Of course, telecommuting isn’t a magical solution. There are certainly distractions at home, and employees must be emotionally mature enough to separate their work-life environments. A dedicated office space, and an understanding from one’s family is important. A barking dog or crying baby in the background certainly detracts from the professional decorum when on the phone with a client.
There is also the risk that when someone is “working from home” it is code for playing hooky from work. While we’d like to think everyone is adult enough to live up to their responsibilities, the temptation to take an old-fashioned snow day is ever present. Fortunately, this can be addressed with technology.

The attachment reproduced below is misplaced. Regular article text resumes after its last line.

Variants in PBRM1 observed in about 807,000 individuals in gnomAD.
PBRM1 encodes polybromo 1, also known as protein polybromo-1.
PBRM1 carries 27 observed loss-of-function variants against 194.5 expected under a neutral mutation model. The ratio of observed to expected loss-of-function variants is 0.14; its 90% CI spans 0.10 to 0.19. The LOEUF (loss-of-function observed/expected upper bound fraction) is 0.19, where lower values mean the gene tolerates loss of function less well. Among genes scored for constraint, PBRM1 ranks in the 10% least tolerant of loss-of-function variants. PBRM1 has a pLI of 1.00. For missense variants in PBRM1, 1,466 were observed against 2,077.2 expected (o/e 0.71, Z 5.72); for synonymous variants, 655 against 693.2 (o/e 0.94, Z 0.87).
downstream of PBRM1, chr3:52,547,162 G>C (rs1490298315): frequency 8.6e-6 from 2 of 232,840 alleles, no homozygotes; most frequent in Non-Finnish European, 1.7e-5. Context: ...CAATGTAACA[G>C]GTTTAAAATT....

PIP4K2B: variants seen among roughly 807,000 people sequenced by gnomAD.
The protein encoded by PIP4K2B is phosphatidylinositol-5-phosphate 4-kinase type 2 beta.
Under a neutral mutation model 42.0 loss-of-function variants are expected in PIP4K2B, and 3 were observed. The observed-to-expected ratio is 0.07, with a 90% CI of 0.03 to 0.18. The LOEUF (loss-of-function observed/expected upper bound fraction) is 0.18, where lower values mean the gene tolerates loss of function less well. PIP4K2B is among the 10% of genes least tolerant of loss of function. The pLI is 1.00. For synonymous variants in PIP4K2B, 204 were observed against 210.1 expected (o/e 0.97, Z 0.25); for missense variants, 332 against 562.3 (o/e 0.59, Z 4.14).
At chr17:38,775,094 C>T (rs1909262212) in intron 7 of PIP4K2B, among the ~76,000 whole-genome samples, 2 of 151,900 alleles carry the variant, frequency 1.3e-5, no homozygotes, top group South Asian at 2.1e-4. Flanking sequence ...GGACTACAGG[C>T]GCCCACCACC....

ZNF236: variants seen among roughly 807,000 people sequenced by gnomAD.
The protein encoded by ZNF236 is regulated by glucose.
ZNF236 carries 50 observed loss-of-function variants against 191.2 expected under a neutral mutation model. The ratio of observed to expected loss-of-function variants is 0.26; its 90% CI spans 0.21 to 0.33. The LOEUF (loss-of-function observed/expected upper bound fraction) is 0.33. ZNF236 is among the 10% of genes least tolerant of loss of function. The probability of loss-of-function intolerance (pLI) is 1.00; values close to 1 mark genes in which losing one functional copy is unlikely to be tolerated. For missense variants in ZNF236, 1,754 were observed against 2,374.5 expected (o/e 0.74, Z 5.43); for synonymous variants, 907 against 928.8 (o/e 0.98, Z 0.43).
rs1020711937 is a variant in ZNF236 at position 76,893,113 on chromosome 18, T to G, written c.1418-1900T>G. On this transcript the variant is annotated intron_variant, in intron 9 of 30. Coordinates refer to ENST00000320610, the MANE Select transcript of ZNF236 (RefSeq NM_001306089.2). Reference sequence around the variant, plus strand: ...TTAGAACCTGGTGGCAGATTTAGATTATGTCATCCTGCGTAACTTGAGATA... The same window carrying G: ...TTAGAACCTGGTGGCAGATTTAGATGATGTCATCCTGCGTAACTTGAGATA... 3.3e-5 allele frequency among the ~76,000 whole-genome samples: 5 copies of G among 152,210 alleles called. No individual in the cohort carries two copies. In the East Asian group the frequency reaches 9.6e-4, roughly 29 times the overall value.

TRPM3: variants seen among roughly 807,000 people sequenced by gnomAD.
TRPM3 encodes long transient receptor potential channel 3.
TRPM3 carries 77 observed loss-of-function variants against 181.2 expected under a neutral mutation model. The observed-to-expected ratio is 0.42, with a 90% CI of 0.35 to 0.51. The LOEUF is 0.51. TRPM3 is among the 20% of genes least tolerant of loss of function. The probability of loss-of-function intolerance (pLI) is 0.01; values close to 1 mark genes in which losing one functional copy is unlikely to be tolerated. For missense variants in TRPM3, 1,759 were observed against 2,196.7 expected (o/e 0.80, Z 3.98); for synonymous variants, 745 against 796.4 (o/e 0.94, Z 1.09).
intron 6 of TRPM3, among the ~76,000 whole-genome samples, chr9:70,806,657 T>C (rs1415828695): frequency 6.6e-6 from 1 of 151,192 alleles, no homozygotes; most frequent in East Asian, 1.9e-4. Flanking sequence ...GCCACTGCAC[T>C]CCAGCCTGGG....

Probably one of the largest drawbacks of remote work, is the lack of community. An office provides a place to meet with your coworkers and share ideas in a very natural way. That in-person environment, where it is easy to pop into someone’s cube and get their opinion on something, fosters impromptu collaboration much better than shuffling emails around. Again, as remote work has gotten more common, tech has popped up that helps us with this too.
So how do we enable remote work?
Let’s assume you’re aware of the benefits, accepted the drawbacks, and are sold on the idea. Great! How do we make it happen? We need to address how your workers will be connected, what applications they’ll need to use, how to replace the office experience, and finally, accountability.
When your workers are not in your office, in order to get work done, they’ll need to be connected.